Laparoscopies up for ventral hernia repair in obese patients

Laparoscopies up for ventral hernia repair in obese patients
In obese patients, there has been a significant increase in the use of laparoscopic ventral hernia repairs, which are associated with a lower complication rate and shorter median length of hospital stay compared with open surgeries, according to research published online June 12 in JAMA Surgery.

(HealthDay)—In obese patients, there has been a significant increase in the use of laparoscopic ventral hernia repairs (VHRs), which are associated with a lower complication rate and shorter median length of hospital stay compared with open surgeries, according to research published online June 12 in JAMA Surgery.

Justin Lee, M.D., of Tufts University in Boston, and colleagues conducted a retrospective cohort analysis to evaluate the outcomes of laparoscopic surgery versus open surgery for VHR in . Cases of obese patients who underwent VHR from 2008 to 2009 were identified in the Nationwide Inpatient Sample database.

The researchers found that the use of laparoscopic VHR increased more than four-fold, from 1,547 (6.5 percent) of 23,917 cases in 2008 to 6,629 (28.0 percent) of 23,704 cases in 2009. Compared with open repair, laparoscopic VHR was associated with significantly lower overall (6.3 versus 13.7 percent), shorter median length of hospital stay (three versus four days), and lower mean total ($40,387 versus $48,513). Multivariate showed that the use of laparoscopic VHR was more likely in patients with private insurance (odds ratio [OR], 1.20) and less likely in patients with a gangrenous bowel (OR, 0.14).

"In the era of laparoscopy, the overall use of laparoscopic VHR in obese patients has increased significantly and appears to be safe, with a shorter stay and a lower cost of care," the authors write.

More information: Abstract
Full Text (subscription or payment may be required)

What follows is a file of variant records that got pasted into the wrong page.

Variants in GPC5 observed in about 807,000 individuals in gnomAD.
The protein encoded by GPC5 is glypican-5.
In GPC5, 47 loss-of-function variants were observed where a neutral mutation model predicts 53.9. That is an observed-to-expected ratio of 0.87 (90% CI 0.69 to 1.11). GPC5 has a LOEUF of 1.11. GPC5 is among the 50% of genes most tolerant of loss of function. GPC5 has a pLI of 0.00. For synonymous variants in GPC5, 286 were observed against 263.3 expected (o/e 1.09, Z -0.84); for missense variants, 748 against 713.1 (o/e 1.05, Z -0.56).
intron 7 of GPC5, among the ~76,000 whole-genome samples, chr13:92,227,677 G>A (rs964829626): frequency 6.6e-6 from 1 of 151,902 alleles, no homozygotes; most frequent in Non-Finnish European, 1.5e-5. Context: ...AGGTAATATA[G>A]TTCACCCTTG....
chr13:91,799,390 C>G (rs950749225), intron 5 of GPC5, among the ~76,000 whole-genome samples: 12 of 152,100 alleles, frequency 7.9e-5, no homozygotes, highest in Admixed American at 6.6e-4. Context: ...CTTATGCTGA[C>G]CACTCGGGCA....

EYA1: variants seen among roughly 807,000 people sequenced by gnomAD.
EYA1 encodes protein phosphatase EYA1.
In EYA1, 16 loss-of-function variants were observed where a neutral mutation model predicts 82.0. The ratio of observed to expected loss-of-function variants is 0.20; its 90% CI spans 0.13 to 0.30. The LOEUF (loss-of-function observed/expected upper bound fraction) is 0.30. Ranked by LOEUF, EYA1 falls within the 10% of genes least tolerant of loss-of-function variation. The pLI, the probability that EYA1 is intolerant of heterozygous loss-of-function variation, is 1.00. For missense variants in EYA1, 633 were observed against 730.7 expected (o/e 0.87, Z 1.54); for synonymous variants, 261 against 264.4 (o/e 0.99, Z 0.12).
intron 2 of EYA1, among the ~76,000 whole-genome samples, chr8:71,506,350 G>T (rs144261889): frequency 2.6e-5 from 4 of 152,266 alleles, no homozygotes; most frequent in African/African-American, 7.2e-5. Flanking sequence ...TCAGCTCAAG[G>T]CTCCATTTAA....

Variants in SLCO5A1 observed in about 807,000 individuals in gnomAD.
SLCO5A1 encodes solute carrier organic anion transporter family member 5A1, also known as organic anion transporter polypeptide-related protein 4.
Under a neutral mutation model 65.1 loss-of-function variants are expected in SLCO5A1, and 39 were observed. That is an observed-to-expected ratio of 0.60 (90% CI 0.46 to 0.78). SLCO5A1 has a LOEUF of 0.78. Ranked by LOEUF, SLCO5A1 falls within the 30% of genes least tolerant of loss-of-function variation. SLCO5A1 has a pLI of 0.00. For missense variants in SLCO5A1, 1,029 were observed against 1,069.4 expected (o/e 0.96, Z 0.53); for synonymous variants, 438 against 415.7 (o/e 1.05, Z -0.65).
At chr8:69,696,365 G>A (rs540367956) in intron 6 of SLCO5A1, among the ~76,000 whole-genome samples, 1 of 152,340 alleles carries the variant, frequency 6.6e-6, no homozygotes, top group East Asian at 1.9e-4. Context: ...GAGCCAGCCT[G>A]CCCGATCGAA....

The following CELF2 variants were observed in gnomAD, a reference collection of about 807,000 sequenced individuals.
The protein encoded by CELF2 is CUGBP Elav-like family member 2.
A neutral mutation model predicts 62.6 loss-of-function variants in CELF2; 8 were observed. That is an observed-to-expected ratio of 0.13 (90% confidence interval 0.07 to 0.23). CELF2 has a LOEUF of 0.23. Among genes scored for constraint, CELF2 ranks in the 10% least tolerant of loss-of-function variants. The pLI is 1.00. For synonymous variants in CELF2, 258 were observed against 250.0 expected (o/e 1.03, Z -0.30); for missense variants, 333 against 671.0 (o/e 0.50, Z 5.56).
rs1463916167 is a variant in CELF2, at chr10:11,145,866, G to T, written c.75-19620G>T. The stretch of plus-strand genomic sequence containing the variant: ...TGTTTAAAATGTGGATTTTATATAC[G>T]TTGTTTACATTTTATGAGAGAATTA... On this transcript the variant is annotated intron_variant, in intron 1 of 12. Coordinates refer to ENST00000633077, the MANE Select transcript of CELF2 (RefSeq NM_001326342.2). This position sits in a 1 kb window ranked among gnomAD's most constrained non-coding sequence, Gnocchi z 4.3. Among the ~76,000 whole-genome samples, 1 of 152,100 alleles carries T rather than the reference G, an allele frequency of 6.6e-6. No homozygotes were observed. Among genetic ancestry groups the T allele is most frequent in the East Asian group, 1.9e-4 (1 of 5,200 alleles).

Related Stories

Electroacupuncture reduces duration of post-op ileus

date Feb 09, 2013

(HealthDay)—Electroacupuncture reduces the duration of postoperative ileus and shortens hospital stay for patients treated with laparoscopic surgery for colorectal cancer, according to research published ...

Laparoscopic hysterectomy rates on rise over past decade

date Apr 16, 2013

(HealthDay)—The rate of laparoscopic hysterectomy has greatly increased over the past decade and is now higher than that of abdominal hysterectomy, according to a study in the April issue of the American Jo ...

More complications for inpatient lumbar discectomy

date Feb 04, 2013

(HealthDay)—Patients undergoing inpatient lumbar discectomy have significantly higher overall complication rates than those treated as outpatients, according to a study published in the Feb. 1 issue of ...

Recommended for you

New software helps improve surgical safety

date Apr 13, 2015

Because the spine is made up of repeating elements that look alike, surgeons can mistakenly operate on the wrong vertebra. To avoid this, Johns Hopkins researchers have developed a software program that works ...

Can facial plastic surgery make you more likeable?

date Apr 09, 2015

Facial plastic surgery may do more than make you look youthful. It could change—for the better—how people perceive you. The first study of its kind to examine perception after plastic surgery finds that ...

User comments

Please sign in to add a comment. Registration is free, and takes less than a minute. Read more

Click here to reset your password.
Sign in to get notified via email when new comments are made.